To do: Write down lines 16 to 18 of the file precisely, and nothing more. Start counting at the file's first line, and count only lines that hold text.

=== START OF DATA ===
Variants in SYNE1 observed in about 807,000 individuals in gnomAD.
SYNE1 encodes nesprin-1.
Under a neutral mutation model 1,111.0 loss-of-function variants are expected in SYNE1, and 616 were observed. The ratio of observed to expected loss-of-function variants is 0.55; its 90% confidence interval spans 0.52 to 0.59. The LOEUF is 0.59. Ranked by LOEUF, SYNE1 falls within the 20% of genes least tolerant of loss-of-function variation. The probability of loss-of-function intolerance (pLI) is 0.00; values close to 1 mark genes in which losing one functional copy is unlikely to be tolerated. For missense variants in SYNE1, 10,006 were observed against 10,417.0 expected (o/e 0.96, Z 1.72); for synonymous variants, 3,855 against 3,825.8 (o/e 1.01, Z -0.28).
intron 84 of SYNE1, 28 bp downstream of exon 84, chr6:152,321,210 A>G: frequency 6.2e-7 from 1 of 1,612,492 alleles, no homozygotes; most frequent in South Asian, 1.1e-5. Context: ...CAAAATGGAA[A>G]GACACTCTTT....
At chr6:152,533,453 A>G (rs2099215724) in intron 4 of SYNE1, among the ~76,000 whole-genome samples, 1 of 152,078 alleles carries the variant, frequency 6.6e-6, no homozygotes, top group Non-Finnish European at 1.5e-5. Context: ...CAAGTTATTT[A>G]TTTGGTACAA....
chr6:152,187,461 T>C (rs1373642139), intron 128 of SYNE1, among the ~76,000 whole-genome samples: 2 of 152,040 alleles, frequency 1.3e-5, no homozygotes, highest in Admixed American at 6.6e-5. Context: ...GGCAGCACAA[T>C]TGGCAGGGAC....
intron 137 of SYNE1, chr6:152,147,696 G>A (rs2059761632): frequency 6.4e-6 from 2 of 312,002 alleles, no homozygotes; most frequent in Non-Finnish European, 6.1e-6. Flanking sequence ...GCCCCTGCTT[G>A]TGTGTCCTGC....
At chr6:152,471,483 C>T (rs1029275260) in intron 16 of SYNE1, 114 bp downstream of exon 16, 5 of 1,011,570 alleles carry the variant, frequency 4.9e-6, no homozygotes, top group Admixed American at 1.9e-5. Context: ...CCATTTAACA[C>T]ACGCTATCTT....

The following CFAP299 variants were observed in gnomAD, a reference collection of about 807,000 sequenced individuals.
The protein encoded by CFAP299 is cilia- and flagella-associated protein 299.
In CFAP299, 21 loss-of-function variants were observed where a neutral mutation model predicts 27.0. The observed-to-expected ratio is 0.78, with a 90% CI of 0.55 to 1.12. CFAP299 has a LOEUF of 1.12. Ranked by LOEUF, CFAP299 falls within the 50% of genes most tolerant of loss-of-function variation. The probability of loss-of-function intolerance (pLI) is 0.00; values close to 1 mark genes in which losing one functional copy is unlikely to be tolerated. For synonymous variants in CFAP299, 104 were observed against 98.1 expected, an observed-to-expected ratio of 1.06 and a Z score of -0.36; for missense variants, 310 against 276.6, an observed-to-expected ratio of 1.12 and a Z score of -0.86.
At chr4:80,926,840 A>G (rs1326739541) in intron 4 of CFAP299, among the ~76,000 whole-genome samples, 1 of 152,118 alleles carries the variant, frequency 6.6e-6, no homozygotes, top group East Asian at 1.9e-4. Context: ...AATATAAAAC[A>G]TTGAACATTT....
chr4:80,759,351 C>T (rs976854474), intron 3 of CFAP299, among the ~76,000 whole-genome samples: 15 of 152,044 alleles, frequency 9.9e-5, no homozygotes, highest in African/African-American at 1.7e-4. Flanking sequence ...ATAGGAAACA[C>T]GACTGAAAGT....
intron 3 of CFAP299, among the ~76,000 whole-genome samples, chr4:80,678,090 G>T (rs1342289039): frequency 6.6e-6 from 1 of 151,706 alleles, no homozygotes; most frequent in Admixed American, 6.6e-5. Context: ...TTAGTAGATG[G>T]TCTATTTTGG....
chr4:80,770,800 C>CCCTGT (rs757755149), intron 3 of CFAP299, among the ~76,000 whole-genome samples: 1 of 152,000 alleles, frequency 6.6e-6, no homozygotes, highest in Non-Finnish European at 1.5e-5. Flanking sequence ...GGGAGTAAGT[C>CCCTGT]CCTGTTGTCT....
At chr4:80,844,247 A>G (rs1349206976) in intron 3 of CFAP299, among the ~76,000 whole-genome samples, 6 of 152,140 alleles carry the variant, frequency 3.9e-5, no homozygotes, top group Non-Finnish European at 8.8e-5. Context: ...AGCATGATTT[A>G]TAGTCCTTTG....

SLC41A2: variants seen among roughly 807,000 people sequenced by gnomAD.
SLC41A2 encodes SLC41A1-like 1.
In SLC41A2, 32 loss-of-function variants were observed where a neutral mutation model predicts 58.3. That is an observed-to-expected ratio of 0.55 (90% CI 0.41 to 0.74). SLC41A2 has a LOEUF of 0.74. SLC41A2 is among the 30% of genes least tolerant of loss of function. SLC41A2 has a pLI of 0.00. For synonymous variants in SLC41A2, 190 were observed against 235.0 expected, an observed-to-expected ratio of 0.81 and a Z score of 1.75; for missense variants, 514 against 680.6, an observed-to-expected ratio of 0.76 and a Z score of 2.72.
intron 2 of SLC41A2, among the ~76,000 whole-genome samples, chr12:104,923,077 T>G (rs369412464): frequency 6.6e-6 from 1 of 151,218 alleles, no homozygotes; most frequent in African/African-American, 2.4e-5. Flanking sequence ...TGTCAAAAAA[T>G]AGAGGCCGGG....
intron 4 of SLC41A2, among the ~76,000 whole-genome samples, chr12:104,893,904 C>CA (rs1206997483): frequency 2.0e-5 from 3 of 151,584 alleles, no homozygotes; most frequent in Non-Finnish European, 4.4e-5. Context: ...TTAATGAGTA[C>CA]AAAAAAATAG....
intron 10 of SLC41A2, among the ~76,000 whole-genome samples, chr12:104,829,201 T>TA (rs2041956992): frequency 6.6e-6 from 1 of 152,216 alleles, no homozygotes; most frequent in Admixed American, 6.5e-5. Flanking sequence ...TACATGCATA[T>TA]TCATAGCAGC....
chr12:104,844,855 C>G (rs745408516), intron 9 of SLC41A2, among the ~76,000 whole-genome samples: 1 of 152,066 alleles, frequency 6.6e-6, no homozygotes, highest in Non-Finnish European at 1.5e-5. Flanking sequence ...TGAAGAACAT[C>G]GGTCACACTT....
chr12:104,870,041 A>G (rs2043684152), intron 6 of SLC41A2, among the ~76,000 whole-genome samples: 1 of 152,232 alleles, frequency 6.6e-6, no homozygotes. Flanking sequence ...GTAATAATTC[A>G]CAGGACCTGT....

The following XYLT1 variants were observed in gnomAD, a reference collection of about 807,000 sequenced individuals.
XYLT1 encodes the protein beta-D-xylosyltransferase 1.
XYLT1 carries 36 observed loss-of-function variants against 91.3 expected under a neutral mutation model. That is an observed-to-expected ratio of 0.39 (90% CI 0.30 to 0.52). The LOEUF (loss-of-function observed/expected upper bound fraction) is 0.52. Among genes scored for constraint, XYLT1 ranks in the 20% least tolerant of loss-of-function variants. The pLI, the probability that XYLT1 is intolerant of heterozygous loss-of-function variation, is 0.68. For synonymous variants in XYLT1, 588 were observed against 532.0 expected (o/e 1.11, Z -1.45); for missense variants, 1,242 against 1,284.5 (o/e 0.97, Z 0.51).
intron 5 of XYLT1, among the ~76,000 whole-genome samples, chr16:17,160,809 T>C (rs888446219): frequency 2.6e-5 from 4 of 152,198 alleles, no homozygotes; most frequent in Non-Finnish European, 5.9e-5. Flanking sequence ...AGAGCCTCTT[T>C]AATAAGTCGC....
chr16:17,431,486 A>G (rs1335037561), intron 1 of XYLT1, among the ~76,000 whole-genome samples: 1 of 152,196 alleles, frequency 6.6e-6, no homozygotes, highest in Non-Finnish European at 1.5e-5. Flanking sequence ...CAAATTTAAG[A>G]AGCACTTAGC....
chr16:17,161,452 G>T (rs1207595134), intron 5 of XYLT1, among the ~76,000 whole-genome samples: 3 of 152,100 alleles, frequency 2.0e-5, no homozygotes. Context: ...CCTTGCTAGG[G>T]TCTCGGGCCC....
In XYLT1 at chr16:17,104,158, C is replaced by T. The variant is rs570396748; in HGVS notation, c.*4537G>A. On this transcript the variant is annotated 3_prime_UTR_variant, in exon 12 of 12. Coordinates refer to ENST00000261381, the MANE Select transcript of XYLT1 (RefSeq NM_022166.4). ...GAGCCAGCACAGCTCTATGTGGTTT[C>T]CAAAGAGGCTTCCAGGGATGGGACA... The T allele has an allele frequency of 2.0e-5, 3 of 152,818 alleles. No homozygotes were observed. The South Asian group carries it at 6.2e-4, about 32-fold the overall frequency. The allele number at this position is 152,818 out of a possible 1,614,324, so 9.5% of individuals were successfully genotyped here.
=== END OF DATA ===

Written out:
At chr4:80,844,247 A>G (rs1349206976) in intron 3 of CFAP299, among the ~76,000 whole-genome samples, 6 of 152,140 alleles carry the variant, frequency 3.9e-5, no homozygotes, top group Non-Finnish European at 8.8e-5. Context: ...AGCATGATTT[A>G]TAGTCCTTTG....

SLC41A2: variants seen among roughly 807,000 people sequenced by gnomAD.
SLC41A2 encodes SLC41A1-like 1.